The only thing mean about Mean Sandwich is the fact that we didn’t know about it sooner. This is the sandwich experience that will spike your cholesterol, ruin your white shirt, and unequivocally blow your mind. The space is small and has that old-school deli-counter feel, but the ingredients and flavor combinations are modern - try the housemade thick-sliced corned beef (with mustard, pickled cabbage, and a fistful of mint), or the chicken cutlet (our favorite thing here), and don’t miss the “skins and ins” (baked potato chunks and skins fried and tossed in salt/pepper). Everything’s made from scratch, and there’s a patio for warm-weather sandwiching.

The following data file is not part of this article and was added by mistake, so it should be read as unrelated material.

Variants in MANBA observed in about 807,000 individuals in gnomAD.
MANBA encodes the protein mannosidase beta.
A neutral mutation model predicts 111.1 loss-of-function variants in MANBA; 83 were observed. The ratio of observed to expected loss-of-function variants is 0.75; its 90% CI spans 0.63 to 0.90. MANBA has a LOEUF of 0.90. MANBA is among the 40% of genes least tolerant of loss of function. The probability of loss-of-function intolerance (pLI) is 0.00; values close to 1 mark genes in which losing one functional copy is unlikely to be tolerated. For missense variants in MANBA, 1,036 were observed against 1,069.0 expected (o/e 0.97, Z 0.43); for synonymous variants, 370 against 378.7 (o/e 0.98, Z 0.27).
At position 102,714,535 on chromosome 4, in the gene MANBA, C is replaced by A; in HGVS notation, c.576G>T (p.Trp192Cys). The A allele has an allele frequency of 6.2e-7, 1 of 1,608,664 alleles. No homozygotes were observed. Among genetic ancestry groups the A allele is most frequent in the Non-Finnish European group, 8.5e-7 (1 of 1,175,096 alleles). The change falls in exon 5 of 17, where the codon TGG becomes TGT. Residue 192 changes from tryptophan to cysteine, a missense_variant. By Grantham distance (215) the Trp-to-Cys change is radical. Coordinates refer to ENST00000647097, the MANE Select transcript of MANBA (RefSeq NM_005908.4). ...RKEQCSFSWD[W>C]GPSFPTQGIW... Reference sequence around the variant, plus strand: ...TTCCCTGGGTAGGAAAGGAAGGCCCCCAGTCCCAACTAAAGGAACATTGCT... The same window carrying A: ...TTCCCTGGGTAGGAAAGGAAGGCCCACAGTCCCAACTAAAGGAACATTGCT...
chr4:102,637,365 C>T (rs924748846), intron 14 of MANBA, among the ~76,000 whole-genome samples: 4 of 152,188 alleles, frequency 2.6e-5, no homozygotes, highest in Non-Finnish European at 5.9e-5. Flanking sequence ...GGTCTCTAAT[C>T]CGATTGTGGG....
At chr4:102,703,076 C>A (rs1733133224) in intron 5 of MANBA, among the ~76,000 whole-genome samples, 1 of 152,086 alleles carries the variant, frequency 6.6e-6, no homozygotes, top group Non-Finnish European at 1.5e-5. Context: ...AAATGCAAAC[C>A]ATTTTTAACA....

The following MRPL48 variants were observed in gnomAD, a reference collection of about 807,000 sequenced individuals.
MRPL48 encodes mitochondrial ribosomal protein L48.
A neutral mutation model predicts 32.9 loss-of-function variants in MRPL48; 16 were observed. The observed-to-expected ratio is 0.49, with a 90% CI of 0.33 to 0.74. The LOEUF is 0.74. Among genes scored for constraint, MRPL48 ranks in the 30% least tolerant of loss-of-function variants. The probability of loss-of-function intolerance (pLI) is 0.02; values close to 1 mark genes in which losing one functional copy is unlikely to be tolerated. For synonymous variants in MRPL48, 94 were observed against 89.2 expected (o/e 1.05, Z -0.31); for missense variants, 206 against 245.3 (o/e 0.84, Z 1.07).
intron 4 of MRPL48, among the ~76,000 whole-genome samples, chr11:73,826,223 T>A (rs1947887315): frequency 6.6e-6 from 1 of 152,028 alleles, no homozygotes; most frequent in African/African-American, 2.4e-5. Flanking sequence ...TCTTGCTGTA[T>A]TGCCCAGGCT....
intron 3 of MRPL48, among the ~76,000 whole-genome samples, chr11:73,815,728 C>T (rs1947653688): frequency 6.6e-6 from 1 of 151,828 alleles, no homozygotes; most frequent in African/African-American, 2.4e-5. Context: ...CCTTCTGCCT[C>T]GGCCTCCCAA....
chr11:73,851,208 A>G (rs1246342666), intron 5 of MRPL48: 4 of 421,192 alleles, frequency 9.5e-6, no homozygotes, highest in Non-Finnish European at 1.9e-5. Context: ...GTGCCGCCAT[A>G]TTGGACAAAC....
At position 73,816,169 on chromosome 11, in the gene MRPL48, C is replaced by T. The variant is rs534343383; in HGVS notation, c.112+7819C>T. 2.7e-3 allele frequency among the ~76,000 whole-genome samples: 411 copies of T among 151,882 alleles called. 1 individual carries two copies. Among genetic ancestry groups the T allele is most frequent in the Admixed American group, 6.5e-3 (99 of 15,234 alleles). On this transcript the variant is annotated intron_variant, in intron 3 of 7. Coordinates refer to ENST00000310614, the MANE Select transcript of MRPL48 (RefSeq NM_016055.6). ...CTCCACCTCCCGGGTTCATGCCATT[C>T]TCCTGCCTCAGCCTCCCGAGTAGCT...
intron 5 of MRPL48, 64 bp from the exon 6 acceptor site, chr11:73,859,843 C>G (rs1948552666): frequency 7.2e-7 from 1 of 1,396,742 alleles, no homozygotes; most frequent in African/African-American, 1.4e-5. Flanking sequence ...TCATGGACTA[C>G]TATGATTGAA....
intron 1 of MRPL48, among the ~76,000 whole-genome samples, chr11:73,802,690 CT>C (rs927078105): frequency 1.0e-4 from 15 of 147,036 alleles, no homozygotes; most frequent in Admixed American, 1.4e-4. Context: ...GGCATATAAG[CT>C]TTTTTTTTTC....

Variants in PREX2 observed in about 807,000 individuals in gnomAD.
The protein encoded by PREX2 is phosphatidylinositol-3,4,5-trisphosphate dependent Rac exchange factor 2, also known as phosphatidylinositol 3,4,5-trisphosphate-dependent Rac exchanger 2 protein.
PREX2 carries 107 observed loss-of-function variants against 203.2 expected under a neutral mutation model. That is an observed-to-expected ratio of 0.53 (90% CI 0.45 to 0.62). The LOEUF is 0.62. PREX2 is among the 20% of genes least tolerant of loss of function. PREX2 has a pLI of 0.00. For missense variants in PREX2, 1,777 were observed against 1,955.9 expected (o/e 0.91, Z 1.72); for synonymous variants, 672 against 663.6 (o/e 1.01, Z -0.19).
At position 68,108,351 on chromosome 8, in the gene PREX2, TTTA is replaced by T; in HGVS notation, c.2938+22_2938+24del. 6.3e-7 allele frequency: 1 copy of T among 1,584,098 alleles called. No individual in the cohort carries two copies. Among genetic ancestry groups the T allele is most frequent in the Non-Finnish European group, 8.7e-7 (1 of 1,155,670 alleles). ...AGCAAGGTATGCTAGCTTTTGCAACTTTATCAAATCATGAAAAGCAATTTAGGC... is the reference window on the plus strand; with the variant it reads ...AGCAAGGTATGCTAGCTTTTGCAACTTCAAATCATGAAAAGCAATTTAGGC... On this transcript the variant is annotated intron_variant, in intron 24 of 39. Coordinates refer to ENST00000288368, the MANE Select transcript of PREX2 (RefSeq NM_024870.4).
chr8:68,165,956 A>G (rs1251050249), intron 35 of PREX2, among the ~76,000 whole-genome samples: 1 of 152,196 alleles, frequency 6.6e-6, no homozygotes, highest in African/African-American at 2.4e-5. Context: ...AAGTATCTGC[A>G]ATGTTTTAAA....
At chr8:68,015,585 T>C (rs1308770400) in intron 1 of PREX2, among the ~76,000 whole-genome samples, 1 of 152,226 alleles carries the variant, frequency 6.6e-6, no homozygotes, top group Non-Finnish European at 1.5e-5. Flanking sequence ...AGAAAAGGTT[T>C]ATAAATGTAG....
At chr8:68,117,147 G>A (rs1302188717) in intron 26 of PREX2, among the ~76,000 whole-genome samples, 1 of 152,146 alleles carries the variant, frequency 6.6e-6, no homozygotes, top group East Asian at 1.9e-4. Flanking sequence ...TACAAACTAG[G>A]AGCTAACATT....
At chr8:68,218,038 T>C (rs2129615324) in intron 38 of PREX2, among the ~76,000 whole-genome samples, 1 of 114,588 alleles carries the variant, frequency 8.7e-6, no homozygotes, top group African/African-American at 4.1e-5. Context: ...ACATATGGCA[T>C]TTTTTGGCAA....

Citizen Six is a place to keep in mind the next time you’re looking for a vibey but low-key dinner with your crew. The menu is like if a Korean BBQ spot and a taqueria had a love child, and a classic pub was their doula. Case in point: the bulgogi fries that we would run half-marathons to eat more of (marinated beef, sriracha mayo, caramelized onion, queso fresco, and scallions on top of crispy french fries). Get a couple orders to share with some sweet-and-spicy chicken wings and call it a day, or destroy a plate of really solid fish tacos. When the weather is warm you can get a spot on the patio and watch freight trains zip by, which isn’t particularly the best view, but it’s different from the usual waterfront skyline and we like it.